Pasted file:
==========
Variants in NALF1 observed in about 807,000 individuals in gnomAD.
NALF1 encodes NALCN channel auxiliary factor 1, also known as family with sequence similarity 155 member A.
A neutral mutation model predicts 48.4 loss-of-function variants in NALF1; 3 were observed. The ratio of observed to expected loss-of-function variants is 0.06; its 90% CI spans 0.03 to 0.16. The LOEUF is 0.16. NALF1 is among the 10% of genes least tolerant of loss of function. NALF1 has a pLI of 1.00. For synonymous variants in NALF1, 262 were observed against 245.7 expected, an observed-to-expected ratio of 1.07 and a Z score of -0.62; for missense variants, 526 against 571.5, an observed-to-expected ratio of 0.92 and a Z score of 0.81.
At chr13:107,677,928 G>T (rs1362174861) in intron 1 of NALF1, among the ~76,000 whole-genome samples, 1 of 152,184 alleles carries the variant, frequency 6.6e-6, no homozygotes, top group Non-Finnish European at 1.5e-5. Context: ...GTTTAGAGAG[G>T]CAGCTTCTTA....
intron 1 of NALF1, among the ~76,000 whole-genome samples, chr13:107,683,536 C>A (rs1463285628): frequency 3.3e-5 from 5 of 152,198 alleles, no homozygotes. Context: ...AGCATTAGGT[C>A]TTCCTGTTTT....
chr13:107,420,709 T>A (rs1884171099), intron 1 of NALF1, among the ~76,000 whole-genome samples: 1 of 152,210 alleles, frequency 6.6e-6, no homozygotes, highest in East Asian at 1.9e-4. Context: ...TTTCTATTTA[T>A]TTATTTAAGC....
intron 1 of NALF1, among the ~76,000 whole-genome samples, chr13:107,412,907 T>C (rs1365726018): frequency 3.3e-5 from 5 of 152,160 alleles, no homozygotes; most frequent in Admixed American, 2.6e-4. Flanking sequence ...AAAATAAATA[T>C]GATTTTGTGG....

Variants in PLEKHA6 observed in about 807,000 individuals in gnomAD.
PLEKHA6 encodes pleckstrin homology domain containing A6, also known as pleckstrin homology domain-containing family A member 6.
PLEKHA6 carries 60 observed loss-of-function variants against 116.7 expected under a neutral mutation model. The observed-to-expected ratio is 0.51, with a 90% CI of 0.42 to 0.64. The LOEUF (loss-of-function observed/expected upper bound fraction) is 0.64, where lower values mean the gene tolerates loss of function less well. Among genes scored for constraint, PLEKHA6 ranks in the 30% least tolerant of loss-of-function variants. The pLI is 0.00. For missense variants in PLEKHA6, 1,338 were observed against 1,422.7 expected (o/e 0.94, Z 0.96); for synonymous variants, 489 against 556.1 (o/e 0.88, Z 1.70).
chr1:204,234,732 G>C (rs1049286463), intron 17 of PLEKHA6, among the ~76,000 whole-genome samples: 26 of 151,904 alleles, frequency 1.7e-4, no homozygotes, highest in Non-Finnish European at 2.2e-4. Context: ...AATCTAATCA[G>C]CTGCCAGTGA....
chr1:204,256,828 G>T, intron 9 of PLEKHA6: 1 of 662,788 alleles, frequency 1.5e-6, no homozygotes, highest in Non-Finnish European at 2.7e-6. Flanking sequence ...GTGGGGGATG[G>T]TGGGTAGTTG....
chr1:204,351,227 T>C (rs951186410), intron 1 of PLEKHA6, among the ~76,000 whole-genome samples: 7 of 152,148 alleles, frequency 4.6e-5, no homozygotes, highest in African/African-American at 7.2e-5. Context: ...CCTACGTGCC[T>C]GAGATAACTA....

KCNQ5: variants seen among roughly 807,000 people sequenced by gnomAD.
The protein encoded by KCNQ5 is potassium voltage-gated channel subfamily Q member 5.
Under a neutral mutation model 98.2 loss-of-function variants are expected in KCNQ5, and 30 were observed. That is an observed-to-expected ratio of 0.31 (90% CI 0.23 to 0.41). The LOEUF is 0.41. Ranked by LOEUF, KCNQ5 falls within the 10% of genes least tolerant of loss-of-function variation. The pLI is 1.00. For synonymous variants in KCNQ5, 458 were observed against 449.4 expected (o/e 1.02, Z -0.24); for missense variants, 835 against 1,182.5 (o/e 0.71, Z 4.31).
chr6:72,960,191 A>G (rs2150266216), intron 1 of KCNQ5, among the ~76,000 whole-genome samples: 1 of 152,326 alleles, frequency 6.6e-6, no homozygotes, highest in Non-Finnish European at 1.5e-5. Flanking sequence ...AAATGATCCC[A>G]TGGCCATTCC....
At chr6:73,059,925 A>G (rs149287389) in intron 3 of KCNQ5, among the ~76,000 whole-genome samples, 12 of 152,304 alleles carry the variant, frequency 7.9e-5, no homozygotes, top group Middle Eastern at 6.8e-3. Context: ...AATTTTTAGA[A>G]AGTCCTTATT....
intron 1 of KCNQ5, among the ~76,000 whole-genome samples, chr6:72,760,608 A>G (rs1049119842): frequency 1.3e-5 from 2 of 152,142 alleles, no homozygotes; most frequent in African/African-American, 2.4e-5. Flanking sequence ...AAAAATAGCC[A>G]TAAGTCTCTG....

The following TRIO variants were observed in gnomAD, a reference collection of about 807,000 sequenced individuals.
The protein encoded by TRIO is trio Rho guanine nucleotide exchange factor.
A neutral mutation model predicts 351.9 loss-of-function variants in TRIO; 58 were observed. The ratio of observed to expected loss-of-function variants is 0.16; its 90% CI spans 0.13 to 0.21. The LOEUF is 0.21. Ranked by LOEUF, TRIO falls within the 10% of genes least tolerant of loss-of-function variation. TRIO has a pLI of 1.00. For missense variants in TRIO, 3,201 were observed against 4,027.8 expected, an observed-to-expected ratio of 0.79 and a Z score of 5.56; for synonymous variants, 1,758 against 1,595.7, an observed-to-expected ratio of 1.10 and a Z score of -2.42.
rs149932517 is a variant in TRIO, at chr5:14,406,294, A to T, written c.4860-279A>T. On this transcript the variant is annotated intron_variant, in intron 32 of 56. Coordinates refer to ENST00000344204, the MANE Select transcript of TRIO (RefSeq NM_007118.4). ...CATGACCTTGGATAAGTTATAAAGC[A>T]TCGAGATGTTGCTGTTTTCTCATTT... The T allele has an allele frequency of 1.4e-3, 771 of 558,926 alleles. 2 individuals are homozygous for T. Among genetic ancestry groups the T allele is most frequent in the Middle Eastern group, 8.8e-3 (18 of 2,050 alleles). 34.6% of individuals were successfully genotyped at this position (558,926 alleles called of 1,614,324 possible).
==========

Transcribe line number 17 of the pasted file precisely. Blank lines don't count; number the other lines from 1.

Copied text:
chr6:72,960,191 A>G (rs2150266216), intron 1 of KCNQ5, among the ~76,000 whole-genome samples: 1 of 152,326 alleles, frequency 6.6e-6, no homozygotes, highest in Non-Finnish European at 1.5e-5. Flanking sequence ...AAATGATCCC[A>G]TGGCCATTCC....